Has the stock market historically outperformed following equity bear markets?
As addressed in our accompanying piece, equity markets have generally delivered positive returns to investors more than three quarters of the time over periods longer than one year. That probability is even stronger when starting from a point like today when the market is down more than 20% from its recent peak.
How strong have these returns historically been? As shown in the chart above, in the post-World War II era, average returns on the S&P 500 have exceeded the long-term average returns for the index over the one- and two-year periods following a decline of 20% or more. In the two years following the onset of a bear market, the S&P 500 has, on average, outpaced the average two-year return by about five percentage points.
It’s important to note that the returns presented above shouldn’t be viewed as a forecast of future returns. Even the 12% average annualized return for the S&P 500 since 1946 appears high by recent standards. Structural factors (demographics, labor force growth, and capital market factors) paint a different picture today; expected returns for the next decade are below that average. The important point is not the level of returns, but that the relative performance of stocks has tended to be stronger coming out of downturns.
Of course, each period is subject to its own unique circumstances. Historical averages are an imperfect predictor of the future but can be effective in providing some context and perspective. Nevertheless, our analysis of prior cycles confirms that bear markets tend to provide relatively attractive entry points to invest in stocks viewed through the lens of a multiyear investment time horizon. Patience has typically been rewarded.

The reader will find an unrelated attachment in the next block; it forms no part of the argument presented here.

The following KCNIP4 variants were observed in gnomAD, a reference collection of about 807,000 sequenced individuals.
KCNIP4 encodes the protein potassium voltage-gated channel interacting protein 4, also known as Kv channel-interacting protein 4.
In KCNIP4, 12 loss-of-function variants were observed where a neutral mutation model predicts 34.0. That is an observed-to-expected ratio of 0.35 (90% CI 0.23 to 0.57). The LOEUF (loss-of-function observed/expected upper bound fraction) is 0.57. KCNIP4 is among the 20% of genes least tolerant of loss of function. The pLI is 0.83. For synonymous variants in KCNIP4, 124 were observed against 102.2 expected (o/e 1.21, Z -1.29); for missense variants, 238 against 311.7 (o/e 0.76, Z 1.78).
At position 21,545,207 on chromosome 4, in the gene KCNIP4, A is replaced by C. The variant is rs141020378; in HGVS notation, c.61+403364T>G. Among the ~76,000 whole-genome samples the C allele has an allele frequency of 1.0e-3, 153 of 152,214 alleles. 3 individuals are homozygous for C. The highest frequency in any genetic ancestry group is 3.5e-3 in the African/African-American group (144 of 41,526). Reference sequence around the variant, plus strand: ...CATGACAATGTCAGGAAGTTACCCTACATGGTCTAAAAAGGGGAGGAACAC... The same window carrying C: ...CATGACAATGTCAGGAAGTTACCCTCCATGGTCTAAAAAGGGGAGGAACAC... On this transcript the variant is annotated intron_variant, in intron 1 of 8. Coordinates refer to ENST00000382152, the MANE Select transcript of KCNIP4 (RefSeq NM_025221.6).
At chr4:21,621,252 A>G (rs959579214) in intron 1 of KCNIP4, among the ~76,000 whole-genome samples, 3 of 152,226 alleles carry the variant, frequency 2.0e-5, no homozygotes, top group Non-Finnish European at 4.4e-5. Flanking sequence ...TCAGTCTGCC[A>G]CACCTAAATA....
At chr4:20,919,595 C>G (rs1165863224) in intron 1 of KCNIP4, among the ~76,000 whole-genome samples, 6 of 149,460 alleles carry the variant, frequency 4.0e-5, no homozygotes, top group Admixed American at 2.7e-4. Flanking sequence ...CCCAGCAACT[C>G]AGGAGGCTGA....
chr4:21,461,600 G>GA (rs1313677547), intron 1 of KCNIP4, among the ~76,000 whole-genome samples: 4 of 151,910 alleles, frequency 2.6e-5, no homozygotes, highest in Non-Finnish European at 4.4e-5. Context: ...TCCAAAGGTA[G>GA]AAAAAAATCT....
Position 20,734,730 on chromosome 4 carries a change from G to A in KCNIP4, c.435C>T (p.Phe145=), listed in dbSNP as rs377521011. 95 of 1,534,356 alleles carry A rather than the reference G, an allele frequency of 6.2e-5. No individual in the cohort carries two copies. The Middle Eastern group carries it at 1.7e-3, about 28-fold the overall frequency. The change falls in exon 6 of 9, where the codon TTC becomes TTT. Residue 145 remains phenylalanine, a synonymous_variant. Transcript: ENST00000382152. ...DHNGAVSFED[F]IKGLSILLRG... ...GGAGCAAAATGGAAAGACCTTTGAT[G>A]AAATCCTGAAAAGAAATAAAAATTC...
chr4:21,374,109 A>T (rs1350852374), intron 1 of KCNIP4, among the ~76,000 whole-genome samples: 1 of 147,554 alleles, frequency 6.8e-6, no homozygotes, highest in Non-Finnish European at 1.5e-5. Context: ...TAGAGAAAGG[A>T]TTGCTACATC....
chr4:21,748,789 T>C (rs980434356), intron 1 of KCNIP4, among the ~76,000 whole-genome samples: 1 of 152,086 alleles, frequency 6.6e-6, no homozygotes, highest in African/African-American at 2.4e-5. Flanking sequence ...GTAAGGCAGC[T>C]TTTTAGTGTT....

Past performance does not guarantee future results. All investments include risk and have the potential for loss as well as gain.
Data sources for peer group comparisons, returns, and standard statistical data are provided by the sources referenced and are based on data obtained from recognized statistical services or other sources believed to be reliable. However, some or all of the information has not been verified prior to the analysis, and we do not make any representations as to its accuracy or completeness. Any analysis nonfactual in nature constitutes only current opinions, which are subject to change. Benchmarks or indices are included for information purposes only to reflect the current market environment; no index is a directly tradable investment. There may be instances when consultant opinions regarding any fundamental or quantitative analysis may not agree.
Plante Moran Financial Advisors (PMFA) publishes this update to convey general information about market conditions and not for the purpose of providing investment advice. Investment in any of the companies or sectors mentioned herein may not be appropriate for you. You should consult a representative from PMFA for investment advice regarding your own situation.